WTF is Tom Hardy saying

Sarah Posted by Sarah at August 1, 2018 18:26:48 August 1, 2018 18:26:48

Lainey emailed me about the new Venom trailer with this note about Tom Hardy’s acting choices: “Why does he always have to play characters where you can’t understand what the f*ck he’s saying?” Tom Hardy loves to do silly voices, as he always does one. He loves silly voices like Johnny Depp loves scarves and Leonardo DiCaprio loves 23 year old models. I noted the Venom silly voice when the teaser dropped back in February. Tom Hardy is a very good actor and known to scrap with his directors, so I imagine confronting him can be difficult, but I would just once like to see a director tell Tom Hardy to knock it off with the silly voices. I would like to be able to understand him, and also I live in fear of his upcoming Al Capone Chicago accent.

I believe Tom Hardy agreed to do Venom because it lets him do TWO silly voices: Eddie Brock’s Mike Tyson-ish voice and Venom’s Batman voice. This trailer gives us a lot of both of Hardy’s performances—and silly voices—and they both look…interesting. I think this is the trailer Sony premiered at Comic-Con, but they (smartly) waited to release it until after the trailer pile-up had cleared and they could dominate the headlines for a bit. At Comic-Con, Hardy said he took on Venom “for his son”, which is interesting because I’m pretty sure Venom ate that dude at the end. We need to put a moratorium on claiming to do superhero movies because you have kids especially when the character you play devours people, like that’s his whole deal, that he eats people. Besides, you did it for the silly voices, be honest, Tom.

 

These trailers have not been good, and while there is always a chance bad trailers can turn into good movies, I’ll be surprised if Venom works out. It looks like 1997’s favorite movie and it lacks the bonkers edge of the dumb-fun Aquaman trailer. Mostly it looks gross. I think this might be a character that works better in animation, because the live-action reality of a tar monster consuming Tom Hardy and then licking people’s faces—and, presumably, eating them, too—is deeply unpleasant. Venom swings between looking ridiculous and triggering my gag reflex. The cast is amazing, but something about Venom is striking me as misguided. Maybe it needs to be R rated? Like just a straight up body horror movie. I am also having a really hard time seeing Tom Holland’s adorkable Peter Parker fitting in with this take on Venom. It didn’t work in Spider-Man 3, which maybe is a warning.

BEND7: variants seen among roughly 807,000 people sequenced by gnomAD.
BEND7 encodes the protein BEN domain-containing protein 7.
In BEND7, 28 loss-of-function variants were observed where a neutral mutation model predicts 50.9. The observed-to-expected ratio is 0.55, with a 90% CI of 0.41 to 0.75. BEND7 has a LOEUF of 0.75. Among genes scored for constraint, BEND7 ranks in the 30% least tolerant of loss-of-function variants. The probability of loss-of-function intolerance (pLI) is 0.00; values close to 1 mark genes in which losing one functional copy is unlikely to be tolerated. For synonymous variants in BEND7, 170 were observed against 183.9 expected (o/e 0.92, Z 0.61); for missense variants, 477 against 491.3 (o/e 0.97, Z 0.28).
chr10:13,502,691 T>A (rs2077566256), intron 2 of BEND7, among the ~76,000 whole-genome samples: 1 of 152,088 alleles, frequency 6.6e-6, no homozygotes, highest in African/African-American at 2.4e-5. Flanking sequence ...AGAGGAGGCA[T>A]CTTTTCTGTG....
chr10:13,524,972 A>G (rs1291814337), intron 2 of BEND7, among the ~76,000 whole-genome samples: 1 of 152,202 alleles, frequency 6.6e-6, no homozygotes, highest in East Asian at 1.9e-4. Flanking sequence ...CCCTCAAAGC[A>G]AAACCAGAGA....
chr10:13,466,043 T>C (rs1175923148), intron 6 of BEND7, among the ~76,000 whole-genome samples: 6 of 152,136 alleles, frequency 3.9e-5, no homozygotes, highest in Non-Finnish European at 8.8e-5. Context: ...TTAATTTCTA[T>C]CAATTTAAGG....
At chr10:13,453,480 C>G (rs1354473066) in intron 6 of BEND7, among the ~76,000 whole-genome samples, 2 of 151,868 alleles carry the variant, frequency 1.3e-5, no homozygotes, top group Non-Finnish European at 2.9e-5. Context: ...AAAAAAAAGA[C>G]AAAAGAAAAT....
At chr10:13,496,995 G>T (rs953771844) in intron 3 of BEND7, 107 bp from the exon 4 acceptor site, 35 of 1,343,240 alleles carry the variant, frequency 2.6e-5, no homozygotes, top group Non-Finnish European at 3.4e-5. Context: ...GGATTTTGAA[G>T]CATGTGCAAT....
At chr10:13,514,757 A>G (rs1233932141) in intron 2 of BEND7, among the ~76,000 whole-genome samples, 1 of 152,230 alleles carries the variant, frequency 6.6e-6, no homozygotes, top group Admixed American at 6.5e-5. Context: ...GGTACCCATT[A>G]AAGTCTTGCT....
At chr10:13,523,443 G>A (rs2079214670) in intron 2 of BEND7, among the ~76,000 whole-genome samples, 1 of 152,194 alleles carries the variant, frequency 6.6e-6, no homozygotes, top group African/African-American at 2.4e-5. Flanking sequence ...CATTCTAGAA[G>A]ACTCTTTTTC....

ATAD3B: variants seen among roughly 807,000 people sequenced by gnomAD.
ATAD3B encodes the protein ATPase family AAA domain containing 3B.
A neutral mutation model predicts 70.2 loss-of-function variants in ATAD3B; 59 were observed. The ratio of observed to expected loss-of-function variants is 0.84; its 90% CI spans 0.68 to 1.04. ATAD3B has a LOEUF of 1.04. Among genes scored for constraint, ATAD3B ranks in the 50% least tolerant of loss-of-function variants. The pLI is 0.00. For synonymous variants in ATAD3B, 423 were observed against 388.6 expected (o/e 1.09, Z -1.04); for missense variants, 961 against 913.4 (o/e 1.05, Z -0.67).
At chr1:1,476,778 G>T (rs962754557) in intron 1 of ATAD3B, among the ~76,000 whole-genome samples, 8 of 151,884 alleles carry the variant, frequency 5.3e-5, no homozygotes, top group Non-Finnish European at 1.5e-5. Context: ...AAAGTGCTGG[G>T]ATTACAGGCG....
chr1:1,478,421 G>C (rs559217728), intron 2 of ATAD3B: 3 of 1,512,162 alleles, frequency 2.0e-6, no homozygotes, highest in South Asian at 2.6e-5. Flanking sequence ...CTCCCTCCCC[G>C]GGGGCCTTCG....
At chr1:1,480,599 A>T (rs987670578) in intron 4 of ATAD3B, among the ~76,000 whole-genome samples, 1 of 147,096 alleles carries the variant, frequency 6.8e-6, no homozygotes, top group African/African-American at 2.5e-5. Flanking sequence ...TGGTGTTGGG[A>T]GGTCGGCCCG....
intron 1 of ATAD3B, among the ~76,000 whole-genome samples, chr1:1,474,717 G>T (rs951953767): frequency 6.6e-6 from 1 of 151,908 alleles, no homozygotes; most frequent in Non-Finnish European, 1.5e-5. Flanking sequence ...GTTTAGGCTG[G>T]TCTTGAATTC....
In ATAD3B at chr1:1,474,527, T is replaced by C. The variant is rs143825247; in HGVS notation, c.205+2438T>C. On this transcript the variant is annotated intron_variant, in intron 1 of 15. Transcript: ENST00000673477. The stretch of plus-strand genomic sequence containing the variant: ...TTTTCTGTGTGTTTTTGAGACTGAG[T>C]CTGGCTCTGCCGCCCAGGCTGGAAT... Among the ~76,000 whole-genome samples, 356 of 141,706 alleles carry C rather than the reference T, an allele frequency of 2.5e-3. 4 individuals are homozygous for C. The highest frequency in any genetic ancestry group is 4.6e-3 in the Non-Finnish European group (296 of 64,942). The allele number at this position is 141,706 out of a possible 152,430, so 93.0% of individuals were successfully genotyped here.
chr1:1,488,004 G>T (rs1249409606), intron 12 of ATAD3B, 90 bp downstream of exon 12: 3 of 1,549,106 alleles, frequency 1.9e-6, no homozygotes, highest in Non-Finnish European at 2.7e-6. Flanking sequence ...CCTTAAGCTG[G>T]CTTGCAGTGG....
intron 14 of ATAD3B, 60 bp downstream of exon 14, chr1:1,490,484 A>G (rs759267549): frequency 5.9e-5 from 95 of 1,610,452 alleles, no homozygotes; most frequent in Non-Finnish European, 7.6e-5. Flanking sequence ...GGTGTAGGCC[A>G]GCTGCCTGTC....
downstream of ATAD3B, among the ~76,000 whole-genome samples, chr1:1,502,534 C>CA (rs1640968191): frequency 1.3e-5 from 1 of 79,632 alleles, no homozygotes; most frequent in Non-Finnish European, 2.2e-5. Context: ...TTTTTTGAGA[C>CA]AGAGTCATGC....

It almost doesn’t matter if the movie is good, though, because it’s late to the party. There have been five superhero movies this year already, including The Incredibles 2, and I think people are done spending money on superhero movies. We’ve seen it in years past—when there are a lot of superhero movies in one year, the last few to come out just don’t do as well. I won’t call it “fatigue” when three of the five movies have crossed $1 billion at the box office (Infinity War has, in fact, crossed $2 billion), but there is definitely a limit to the appetite and at this point, I think it’s safe to say it has been reached. Look no further than the box office for Ant-Man and the Wasp, which is merely adequate (no one was expecting a bonanza, but even by reasonable standards it’s not exactly wowing anyone). So besides the hills of Tom Hardy’s unintelligible silly voices and a kind of gross live action effect, Venom also has to climb the hill of audience disinterest. I’m sure having a character say “turd” will do the trick.


 

Photos:
Albert L Ortega/ Kevin Winter/ Getty Images

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